In late 2015, Baker Hughes introduced the SPECTRE disintegrating frac plug, made of a high-strength, controlled electrolytic metallic (CEM) material. “P&P is still the mostly widely used hydraulic fracturing method, but conventional operations require three to four days to drill out the composite plugs with a CT crew, which adds time and cost to bring a well on production,” explained Ryan Allen, Product Line Manager, Unconventional Completions, for Baker Hughes. “By eliminating that drill-out phase, we are passing on a value-added benefit to our customers.”
The new plug was developed in collaboration with operators who pushed for an anchoring grip that would completely disintegrate, leaving no debris in the wellbore that could compromise long-term operations, such as well rejuvenation or clean-outs, Mr Allen said. “We have other options that anchor plugs into the casing string and don’t completely disintegrate, but we went further with this system.” The plug is currently qualified to 10,000-psi differential pressure and 275° F (135°C). However, engineers are looking at ways to increase the temperature rating.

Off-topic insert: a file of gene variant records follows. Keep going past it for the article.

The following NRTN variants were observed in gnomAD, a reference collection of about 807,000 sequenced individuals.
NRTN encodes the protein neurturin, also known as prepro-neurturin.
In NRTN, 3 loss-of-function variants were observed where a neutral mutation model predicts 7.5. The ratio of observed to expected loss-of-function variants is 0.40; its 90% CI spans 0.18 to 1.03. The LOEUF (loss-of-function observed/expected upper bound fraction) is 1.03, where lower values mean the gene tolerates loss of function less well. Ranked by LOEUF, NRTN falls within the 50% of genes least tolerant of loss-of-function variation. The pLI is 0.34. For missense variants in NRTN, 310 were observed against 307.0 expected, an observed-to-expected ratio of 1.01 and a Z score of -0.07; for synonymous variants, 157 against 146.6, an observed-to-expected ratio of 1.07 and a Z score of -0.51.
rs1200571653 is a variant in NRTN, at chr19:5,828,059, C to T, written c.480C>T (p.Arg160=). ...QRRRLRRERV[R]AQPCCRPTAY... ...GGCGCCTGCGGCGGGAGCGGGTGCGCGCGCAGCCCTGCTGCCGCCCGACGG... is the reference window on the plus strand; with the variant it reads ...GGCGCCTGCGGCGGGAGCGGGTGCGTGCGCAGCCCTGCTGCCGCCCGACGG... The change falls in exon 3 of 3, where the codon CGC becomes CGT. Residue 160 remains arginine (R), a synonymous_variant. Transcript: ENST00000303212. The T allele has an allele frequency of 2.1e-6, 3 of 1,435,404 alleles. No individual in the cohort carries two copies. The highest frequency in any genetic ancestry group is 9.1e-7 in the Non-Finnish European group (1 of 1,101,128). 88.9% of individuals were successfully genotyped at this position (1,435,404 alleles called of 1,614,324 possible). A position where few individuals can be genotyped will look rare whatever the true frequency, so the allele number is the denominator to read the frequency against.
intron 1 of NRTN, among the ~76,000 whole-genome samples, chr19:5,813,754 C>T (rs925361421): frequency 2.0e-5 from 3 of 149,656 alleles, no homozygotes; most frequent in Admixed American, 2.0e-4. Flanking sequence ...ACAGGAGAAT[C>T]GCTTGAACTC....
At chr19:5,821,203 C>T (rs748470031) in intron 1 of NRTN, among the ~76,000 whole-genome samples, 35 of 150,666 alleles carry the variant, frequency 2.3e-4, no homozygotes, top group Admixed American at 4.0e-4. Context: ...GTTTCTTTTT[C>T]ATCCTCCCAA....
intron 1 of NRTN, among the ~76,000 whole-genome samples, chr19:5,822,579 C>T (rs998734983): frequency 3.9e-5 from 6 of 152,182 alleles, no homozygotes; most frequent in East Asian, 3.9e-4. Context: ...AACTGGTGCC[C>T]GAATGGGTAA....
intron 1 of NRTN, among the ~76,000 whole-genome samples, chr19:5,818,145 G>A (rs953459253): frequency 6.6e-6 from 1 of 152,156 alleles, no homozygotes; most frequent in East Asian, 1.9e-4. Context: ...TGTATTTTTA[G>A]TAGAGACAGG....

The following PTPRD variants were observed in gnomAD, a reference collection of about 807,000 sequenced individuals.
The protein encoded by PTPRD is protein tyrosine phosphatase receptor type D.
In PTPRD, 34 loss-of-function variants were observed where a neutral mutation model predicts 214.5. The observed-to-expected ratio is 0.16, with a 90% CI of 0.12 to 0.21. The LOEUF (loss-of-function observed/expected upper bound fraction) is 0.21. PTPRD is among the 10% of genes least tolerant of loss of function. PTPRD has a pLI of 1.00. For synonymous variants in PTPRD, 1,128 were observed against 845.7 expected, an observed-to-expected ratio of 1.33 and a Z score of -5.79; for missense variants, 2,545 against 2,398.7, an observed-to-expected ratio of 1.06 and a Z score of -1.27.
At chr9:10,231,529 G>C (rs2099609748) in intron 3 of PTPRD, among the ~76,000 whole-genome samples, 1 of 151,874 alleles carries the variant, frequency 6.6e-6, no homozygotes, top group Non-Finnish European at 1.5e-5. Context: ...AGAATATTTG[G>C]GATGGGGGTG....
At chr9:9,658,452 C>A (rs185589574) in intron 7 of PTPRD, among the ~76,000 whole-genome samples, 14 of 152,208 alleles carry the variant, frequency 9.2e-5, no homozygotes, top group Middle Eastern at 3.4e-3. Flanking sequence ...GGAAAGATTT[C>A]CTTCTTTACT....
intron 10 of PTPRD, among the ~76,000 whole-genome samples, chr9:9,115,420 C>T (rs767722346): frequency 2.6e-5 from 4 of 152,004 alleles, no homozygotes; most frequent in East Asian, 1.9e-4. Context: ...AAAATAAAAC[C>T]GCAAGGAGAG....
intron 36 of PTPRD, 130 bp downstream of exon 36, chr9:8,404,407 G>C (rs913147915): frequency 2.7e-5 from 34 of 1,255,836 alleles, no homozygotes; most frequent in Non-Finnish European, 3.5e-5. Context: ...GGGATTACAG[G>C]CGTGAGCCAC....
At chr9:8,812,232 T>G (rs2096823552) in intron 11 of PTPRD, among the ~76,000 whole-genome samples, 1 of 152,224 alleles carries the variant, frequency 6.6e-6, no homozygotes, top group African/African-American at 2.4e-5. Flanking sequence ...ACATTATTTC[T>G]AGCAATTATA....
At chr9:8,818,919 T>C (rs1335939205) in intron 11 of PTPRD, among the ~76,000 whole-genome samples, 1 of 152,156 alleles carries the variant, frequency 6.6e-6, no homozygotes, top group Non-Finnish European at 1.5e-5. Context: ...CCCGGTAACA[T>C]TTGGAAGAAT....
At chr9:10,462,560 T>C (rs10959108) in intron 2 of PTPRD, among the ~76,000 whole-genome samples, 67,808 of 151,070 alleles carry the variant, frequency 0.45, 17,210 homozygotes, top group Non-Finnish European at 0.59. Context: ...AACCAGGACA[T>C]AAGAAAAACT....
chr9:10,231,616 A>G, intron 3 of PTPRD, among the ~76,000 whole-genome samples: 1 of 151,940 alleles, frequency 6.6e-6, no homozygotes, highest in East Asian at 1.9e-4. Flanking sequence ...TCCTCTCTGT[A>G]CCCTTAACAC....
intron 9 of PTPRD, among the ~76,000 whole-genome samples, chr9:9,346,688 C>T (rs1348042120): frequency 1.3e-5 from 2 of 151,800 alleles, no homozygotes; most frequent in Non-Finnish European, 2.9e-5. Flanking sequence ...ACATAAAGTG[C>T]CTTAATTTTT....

The plug and packing element are deployed from the surface on wireline and disintegrate into a fine powder upon interaction with chloride, which is produced naturally in the reservoir, and elevated downhole temperature. The powder and other debris in the wellbore are flowed out during production. “The plug can be run in any wellbore with a P&P-style completion and cemented casing string,” Mr Allen noted. “Laterals are now extending 10,000 to 12,000 ft, and a lot of operators are using wireline to extend farther into the well and reach the toe section. With the current market, many customers are putting wells into inventories that still need to be completed, and most of them are cemented, cased-hole wells for P&P completions.”